PMC Weekly Review - July 13, 2018
British Prime Minister Theresa May’s unenviable task of negotiating the British exit (Brexit) from the European Union (EU) has been dogged by challenges at every turn. However, the events of the past week may prove to be insurmountable for the beleaguered Prime Minister and ultimately lead to her downfall. In spite of the turbulence confronting her government, markets appear to be slightly optimistic about how the Brexit talks are developing.
The historic referendum of June 23, 2016 (wherein the peoples of the United Kingdom voted to withdraw from the EU) resulted in panic selling, as the FTSE 100 dropped approximately 3.15% and 2.55% on the two subsequent trading days, respectively. Nevertheless, whether because of a growing local economy, a recovering global economy, or belief that the British politicians could negotiate an advantageous withdrawal from the EU, the FTSE 100 rallied from a low of 5,982.20 after the vote to 7,692 as of July 10, 2018. The British pound depreciated in value over this time, falling from 1.4883 GBP/USD on June 23 to nearly 1.2 GBP/USD before finding support above 1.30 GBP/USD.
On March 29, 2017, the United Kingdom became the first member of the EU to trigger Article 50 of the Lisbon Treaty, a relatively new amendment to the original agreements signed by the EU member states that permitted and outlined, albeit vaguely, the process by which a state could withdraw from the EU. In order to navigate these unknown waters, Prime Minister Theresa May formed a government that included, amongst others, a number of pro-Brexit politicians.
One of the biggest uncertainties surrounding Brexit was the type of agreement that would be reached between the negotiating bodies. The following provides a simplified explanation of the major differences between the two approaches. A “soft Brexit,” also known as the “Norway Model,” would theoretically be the least disruptive on an economic level. In this scenario, the United Kingdom would participate in the single market created by the EU, but still be required to recognize the free movement of people from other member states of the EU within its borders. The alternative is the free trade model of the “hard Brexit,” referred to as the “Canada Model.” In this case, the United Kingdom would not be granted the free trade benefits of the single market, but would have greater control over immigration matters.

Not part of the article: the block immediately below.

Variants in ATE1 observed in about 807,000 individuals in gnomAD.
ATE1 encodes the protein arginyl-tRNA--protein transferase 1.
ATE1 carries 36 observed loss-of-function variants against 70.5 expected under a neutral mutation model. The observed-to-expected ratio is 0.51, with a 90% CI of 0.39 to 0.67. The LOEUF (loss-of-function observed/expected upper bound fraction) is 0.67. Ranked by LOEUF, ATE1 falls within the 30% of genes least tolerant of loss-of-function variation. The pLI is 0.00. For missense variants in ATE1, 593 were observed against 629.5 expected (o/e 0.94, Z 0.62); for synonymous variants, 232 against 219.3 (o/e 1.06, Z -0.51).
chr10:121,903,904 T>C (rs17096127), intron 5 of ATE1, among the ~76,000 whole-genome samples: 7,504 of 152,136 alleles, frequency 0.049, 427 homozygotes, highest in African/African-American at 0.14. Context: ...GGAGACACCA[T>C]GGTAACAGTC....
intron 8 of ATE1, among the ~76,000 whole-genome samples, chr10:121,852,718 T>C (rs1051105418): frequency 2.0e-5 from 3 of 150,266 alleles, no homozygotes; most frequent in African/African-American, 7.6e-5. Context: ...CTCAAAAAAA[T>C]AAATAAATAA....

That brings us to the present. Operating under the belief that the Prime Minister was favoring a “soft Brexit,” three prominent members of Prime Minister May’s cabinet and two Tory party vice-chairs resigned in protest over the course of the week. Further threatening her standing was the specter of a “no confidence” vote being raised, although this threat appears to have subsided as the week progressed.
The fears of the Brexit hardliners were confirmed on July 12, when the Prime Minister released a “soft Brexit” proposal that she claimed had already been “cleared” by German Chancellor Angela Merkel, although there are doubts on both sides as to whether this is the case.Nevertheless, this development has opened the floor to a fresh wave of concern from both the opposition and members of the Prime Minister’s own party.
Further complicating the situation is President Trump’s visit to the UK at the end of the week. Although he had been a vocal proponent of Brexit, his critics fear that his administration may be seeking to take advantage of Britain’s increasingly isolated position to negotiate trade agreements that are heavily weighted in favor of the United States.
So how are markets reacting to these developments? As previously noted, investors have pushed British equities higher over the past two years, going so far as to set record highs. Although we can only speculate as to how much farther the UK’s bull market will run, some short-term volatility has driven the FTSE 100 down about 3% from its record high. Bullish investors might view this small margin as an opportunity to buy before the market continues its rally. Even last week’s short-term noise appears to have been more or less shrugged off, as the FTSE 100 turned positive going into the end of the week. On the other hand, bearish investors could point to the delicacy of the Brexit negotiations and the potential for an agreement that handicaps the British economy, Theresa May’s increasingly fragile position, or simply the rally exhausting itself and breaking below its support at roughly 7,500.
Given the delicate balancing act Britain faces, this will be a situation to monitor in the coming weeks, as new developments could have a significant impact on the valuation of British equities and the global capital markets as a whole.
Associate Institutional Consultant